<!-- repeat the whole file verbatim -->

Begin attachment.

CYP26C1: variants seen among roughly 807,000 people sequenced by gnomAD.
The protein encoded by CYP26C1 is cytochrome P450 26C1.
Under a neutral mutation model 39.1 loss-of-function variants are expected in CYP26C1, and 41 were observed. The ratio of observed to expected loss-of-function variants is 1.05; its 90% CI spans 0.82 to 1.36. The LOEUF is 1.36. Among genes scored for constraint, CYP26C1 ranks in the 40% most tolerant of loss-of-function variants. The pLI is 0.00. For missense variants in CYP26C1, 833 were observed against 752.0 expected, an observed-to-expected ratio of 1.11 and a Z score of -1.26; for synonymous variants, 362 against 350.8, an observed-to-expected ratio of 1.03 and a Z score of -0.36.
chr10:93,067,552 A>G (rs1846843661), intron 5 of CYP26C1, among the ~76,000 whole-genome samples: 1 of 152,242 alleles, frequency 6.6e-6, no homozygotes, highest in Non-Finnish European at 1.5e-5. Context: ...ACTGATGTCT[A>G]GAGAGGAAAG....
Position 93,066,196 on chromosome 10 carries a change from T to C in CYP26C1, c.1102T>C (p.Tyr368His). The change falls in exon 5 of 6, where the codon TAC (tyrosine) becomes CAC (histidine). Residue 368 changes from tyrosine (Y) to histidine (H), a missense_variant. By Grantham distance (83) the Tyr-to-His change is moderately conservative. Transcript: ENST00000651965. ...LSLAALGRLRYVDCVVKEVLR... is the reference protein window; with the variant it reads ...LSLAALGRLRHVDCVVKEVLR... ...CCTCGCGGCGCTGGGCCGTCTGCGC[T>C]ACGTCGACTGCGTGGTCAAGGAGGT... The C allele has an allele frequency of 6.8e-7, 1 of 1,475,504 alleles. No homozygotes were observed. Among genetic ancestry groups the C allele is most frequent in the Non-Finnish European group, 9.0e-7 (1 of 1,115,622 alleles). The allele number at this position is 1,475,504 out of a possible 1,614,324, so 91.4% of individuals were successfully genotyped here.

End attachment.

CYP26C1: variants seen among roughly 807,000 people sequenced by gnomAD.
The protein encoded by CYP26C1 is cytochrome P450 26C1.
Under a neutral mutation model 39.1 loss-of-function variants are expected in CYP26C1, and 41 were observed. The ratio of observed to expected loss-of-function variants is 1.05; its 90% CI spans 0.82 to 1.36. The LOEUF is 1.36. Among genes scored for constraint, CYP26C1 ranks in the 40% most tolerant of loss-of-function variants. The pLI is 0.00. For missense variants in CYP26C1, 833 were observed against 752.0 expected, an observed-to-expected ratio of 1.11 and a Z score of -1.26; for synonymous variants, 362 against 350.8, an observed-to-expected ratio of 1.03 and a Z score of -0.36.
chr10:93,067,552 A>G (rs1846843661), intron 5 of CYP26C1, among the ~76,000 whole-genome samples: 1 of 152,242 alleles, frequency 6.6e-6, no homozygotes, highest in Non-Finnish European at 1.5e-5. Context: ...ACTGATGTCT[A>G]GAGAGGAAAG....
Position 93,066,196 on chromosome 10 carries a change from T to C in CYP26C1, c.1102T>C (p.Tyr368His). The change falls in exon 5 of 6, where the codon TAC (tyrosine) becomes CAC (histidine). Residue 368 changes from tyrosine (Y) to histidine (H), a missense_variant. By Grantham distance (83) the Tyr-to-His change is moderately conservative. Transcript: ENST00000651965. ...LSLAALGRLRYVDCVVKEVLR... is the reference protein window; with the variant it reads ...LSLAALGRLRHVDCVVKEVLR... ...CCTCGCGGCGCTGGGCCGTCTGCGC[T>C]ACGTCGACTGCGTGGTCAAGGAGGT... The C allele has an allele frequency of 6.8e-7, 1 of 1,475,504 alleles. No homozygotes were observed. Among genetic ancestry groups the C allele is most frequent in the Non-Finnish European group, 9.0e-7 (1 of 1,115,622 alleles). The allele number at this position is 1,475,504 out of a possible 1,614,324, so 91.4% of individuals were successfully genotyped here.